All day yesterday it had poured down rain. So we vetoed the idea of hiking up to Panorama Point from Paradise. Cold, windy and no view, so we opted for berry picking. My current roommate (Heather) suggested the West Side Road near the old landslide for raspberries. So after work, Amy and I drove over to the old West Side Road, most of which is closed because of recurring flood damage in the park. Previously, I'd only explored the first maybe quarter mile of this road. Most of the winter it was closed completely, and I had other more accessible places to visit. We drove as far as we could and walked up another mile or so. (You can't drive past a certain point, but you can walk in.)
Let me first say WOW. It was stunning. We couldn't really determine what landslide Heather had mentioned; the damage caused by Tahoma Creek during the 2006 and 2008 floods was overwhelming. But beautiful. I mean breath-taking. The clouds were very low, hanging over the creek and surrounding the peaks, barely above our heads. We walked along in the mist. Drops of water clung tightly to every leaf and flower. The Mertensia were beautiful:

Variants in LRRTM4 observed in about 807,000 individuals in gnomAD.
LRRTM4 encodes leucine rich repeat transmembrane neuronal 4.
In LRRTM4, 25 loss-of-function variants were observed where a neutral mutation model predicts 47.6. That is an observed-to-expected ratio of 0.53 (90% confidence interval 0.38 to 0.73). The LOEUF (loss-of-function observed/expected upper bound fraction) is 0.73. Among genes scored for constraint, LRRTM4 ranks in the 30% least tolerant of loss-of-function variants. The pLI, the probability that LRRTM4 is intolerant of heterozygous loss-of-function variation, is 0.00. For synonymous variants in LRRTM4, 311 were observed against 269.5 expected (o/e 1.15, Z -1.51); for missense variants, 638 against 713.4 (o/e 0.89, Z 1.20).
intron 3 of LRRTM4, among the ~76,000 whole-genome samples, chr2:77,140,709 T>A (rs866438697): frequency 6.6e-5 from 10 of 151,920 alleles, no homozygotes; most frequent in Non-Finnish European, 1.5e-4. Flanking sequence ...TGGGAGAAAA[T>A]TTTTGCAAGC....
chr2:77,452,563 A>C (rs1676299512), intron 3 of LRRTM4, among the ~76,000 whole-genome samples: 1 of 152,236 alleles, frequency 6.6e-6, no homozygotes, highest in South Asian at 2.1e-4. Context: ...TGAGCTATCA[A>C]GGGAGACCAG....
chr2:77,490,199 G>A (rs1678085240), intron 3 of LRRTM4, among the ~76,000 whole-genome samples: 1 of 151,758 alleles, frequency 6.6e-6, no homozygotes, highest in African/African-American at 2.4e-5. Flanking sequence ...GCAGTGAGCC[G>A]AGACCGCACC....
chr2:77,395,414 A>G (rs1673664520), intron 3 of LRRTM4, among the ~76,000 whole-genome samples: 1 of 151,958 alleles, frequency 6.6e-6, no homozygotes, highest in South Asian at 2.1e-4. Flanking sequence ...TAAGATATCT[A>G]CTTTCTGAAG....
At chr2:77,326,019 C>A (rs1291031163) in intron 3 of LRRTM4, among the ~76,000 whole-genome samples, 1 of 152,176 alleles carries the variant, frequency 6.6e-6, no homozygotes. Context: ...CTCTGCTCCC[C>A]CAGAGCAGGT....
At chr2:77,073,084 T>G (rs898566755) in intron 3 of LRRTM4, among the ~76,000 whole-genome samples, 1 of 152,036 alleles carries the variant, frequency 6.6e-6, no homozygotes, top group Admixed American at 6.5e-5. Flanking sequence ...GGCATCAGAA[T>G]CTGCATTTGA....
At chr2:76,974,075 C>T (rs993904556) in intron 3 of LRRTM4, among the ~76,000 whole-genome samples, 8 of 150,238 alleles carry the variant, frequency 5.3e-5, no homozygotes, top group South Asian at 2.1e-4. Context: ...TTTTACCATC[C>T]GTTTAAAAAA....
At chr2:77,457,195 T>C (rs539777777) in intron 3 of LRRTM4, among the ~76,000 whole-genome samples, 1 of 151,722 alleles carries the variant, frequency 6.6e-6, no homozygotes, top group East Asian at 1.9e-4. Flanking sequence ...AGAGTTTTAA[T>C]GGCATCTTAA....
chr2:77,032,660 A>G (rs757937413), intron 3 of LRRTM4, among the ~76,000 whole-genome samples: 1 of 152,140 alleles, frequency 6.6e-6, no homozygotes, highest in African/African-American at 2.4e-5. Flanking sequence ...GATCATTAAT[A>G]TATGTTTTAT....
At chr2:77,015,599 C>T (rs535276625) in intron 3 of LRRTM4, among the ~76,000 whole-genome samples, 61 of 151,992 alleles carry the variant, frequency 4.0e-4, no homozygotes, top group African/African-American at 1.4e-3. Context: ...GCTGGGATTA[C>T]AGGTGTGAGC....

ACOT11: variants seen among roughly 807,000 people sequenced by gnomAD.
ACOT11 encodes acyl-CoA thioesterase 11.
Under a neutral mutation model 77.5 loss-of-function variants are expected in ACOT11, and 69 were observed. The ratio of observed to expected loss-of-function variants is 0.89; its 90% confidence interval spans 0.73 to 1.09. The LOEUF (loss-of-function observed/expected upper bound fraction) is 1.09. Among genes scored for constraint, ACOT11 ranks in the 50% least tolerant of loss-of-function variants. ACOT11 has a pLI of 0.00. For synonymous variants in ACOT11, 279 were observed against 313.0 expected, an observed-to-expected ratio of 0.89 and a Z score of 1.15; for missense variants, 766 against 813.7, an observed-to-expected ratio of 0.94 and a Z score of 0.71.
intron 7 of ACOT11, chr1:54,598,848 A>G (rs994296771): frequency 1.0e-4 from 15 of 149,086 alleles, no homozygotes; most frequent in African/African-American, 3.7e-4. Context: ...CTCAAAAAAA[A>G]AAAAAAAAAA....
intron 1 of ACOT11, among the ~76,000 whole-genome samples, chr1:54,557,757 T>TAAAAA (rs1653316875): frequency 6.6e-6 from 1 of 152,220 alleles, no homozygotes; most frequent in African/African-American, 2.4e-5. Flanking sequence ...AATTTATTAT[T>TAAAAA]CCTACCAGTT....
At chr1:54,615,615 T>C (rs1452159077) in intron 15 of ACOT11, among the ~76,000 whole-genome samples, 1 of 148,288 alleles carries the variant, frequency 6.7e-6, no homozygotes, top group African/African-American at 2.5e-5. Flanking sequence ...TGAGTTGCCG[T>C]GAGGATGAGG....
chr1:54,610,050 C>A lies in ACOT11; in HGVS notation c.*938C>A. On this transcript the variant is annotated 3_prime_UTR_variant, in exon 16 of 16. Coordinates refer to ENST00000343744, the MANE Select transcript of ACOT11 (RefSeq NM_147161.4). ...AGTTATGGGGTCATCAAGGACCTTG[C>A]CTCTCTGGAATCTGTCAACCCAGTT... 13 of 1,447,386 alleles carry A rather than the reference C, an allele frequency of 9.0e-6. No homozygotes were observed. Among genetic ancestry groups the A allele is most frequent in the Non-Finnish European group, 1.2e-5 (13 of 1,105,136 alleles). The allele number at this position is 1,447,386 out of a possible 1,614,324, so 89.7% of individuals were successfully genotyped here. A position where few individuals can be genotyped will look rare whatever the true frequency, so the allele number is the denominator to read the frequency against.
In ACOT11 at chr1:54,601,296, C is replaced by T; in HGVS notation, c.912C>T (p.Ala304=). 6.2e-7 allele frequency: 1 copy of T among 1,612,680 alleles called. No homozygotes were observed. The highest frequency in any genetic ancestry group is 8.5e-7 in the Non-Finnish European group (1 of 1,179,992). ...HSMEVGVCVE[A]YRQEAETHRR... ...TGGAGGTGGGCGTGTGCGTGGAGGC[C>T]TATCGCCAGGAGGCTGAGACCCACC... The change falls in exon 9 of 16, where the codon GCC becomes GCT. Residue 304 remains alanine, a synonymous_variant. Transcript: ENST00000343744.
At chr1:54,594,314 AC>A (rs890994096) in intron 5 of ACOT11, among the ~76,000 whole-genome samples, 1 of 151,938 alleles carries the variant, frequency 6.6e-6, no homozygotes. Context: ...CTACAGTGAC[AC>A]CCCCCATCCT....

About a mile up the road, we came to this area that was clearly shaped (damaged?) by floods. But the clouds were amazing. The creek was babbling happily, oblivious as it should be to our presence, as it traveled over the old roadbed. I commented to Amy that it reminded me of Alaska: the dirt road strewn with boulders, twining along the valley floor next to a creek, with trees shrouded in clouds, just us against the world. Except this 'road' doesn't have huge trucks trying to make time between Prudhoe and Fairbanks.
I don't know how any of you feel about natural disasters. This park deals with flooding, avalanches, landslides, etc. on a yearly basis. And yes, they can cost us money. But they give me some something too. Yesterday, there was this huge rock perched precariously on top of other rocks in one of the landslide areas. It was easily big enough to make Amy's rental car into a pancake should the rock decide to continue its roll down the hill. There were trees washed down the creekbed, victims of the force of water and time. It's a relief to just sit back and watch Mother Nature work her miracles. She knows what she's doing. Too often, we try to make this world into our own. We try to control things that we were not meant to control. Rather, we should watch in awe. Be amazed, inspired and satisfied.
It wasn't a strenuous walk at all. Rather the opposite. But satisfying. By the time we left, we were both soaked. My shoes squished like sponges. It was fabulous. Seriously fabulous. Here's my haul from the hike:
My future homestead must have berry patches.